Tree Constructor Internal?

Jun 10, 2008 at 8:23 AM
Is there a reason why the Tree constructor is maked as internal, I want to use the Tree wrapper on an exisiting automation element and can't instantiate one.

Thanks
Simon
Coordinator
Jun 11, 2008 at 2:01 AM
I think that is a mistake as it is not consistent with other UIItems. Having said that I want to move in that (making things internal) direction generally though. Because it seems it is allowing people to make mistakes. Hence in your case, can you please tell me why you are not using window.Get<Tree>(....) to get the tree? This should instantiate it for you.
Jun 11, 2008 at 8:44 AM
Thanks for the response.

The main reason I don't use window.Get<T> is performance, the form I'm trying to automate is quite complex and has very many controls.  Whenever I try and search my form with Get<T>, CPU hits 100% and the call never returns.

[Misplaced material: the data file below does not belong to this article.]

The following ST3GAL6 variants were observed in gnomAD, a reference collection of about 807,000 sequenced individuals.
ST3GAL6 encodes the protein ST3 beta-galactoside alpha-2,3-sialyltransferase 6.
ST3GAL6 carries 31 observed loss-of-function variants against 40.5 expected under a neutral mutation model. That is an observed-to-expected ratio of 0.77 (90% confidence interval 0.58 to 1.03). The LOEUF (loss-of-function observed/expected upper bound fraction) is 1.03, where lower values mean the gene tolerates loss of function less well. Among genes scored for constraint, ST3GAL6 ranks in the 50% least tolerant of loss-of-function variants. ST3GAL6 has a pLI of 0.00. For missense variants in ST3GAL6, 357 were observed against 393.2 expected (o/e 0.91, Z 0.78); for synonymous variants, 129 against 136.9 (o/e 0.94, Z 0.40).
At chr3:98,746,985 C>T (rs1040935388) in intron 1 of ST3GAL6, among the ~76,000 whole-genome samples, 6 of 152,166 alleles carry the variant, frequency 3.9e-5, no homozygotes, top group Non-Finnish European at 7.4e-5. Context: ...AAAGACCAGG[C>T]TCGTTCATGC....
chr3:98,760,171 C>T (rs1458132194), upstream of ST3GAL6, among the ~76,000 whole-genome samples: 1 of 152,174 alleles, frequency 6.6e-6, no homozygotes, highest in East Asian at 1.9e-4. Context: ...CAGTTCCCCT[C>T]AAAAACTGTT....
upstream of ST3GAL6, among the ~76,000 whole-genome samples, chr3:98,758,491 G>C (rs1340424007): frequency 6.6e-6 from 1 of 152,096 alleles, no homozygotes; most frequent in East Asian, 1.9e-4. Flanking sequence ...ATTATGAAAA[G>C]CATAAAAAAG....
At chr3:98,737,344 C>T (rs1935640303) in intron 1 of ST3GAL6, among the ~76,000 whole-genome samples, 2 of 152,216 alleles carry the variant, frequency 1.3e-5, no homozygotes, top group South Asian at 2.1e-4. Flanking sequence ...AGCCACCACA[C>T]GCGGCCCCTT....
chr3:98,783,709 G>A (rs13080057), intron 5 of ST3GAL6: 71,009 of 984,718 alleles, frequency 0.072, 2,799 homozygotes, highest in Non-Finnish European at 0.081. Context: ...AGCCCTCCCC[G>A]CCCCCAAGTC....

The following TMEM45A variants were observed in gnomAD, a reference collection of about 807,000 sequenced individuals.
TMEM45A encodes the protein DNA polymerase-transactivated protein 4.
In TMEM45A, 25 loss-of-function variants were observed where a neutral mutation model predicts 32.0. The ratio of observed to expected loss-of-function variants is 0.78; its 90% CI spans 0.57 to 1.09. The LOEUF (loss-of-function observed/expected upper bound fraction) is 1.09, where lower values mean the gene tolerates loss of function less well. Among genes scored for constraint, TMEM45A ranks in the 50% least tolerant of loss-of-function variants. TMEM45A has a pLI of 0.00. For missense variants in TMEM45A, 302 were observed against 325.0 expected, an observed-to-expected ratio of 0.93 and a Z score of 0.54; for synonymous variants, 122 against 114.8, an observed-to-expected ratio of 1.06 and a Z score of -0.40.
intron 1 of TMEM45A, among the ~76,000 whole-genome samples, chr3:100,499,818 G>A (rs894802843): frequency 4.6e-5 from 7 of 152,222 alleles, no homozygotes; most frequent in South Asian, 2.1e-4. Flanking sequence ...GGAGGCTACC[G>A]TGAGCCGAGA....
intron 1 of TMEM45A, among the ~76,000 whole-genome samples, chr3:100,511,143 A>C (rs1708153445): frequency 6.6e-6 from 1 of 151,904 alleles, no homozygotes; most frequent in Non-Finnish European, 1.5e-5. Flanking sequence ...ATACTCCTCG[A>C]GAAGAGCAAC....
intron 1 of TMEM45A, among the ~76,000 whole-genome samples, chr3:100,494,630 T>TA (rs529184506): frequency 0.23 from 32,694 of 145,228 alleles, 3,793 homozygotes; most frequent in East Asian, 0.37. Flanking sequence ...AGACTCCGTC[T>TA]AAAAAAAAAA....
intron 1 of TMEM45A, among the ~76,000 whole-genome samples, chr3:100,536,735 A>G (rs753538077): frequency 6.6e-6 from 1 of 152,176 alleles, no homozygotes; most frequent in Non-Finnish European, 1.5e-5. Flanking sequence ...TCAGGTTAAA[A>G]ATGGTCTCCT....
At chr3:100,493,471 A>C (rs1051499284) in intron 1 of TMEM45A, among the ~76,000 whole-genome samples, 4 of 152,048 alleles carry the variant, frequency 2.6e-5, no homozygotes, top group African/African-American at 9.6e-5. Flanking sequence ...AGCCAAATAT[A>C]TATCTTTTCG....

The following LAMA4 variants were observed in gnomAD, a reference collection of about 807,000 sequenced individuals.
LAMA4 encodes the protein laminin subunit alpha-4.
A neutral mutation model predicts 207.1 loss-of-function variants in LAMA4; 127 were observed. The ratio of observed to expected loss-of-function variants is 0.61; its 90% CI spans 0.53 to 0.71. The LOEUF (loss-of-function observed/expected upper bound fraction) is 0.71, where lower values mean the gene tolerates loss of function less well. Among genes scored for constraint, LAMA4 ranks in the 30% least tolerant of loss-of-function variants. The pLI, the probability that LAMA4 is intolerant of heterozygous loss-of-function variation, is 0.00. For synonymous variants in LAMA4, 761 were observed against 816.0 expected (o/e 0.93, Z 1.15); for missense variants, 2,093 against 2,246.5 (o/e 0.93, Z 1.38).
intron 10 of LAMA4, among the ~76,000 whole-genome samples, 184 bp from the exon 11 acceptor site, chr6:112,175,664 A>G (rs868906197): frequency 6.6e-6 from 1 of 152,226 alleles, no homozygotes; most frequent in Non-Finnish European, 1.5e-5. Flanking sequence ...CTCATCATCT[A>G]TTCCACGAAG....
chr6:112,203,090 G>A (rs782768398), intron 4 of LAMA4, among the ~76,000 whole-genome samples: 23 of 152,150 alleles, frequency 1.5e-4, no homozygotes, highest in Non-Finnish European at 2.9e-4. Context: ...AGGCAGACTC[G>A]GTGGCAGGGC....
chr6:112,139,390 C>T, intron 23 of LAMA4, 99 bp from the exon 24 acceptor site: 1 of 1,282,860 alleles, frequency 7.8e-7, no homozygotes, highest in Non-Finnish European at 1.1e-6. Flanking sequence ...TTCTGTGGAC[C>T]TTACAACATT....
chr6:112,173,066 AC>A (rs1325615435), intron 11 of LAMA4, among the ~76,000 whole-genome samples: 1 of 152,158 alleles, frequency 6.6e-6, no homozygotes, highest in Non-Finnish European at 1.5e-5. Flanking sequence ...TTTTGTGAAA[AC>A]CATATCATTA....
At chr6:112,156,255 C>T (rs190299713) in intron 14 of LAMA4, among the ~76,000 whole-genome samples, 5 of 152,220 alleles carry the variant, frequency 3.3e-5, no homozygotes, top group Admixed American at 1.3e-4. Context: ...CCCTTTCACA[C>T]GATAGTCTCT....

Instead I focus my search a generation at a time using AutomationElementFinder.Child then wrapping the found AutomationElement with the appropriate UIItem.
Part of the problem maybe that I'm working with DevExpress controls which I can see don't expose themselves for automation very well.

Simon


Coordinator
Jun 12, 2008 at 2:08 PM
Are you using window.Get<Tree>() or something like window.Get<Tree>("someTree")?
Jun 12, 2008 at 3:09 PM
I'm using window.Get<Tree>("treeName").  However it is a DevExpress tree I'm looking for not a WinForms tree which might confuse matters.
The DevExpress tree does appear as a ControlType.Tree in UISpy though.
Coordinator
Jun 13, 2008 at 8:03 PM
This is confusing to me. Whatever search criteria you are using in AutomationElementFinder, you should be able to use it in window.Get?
Am I missing something?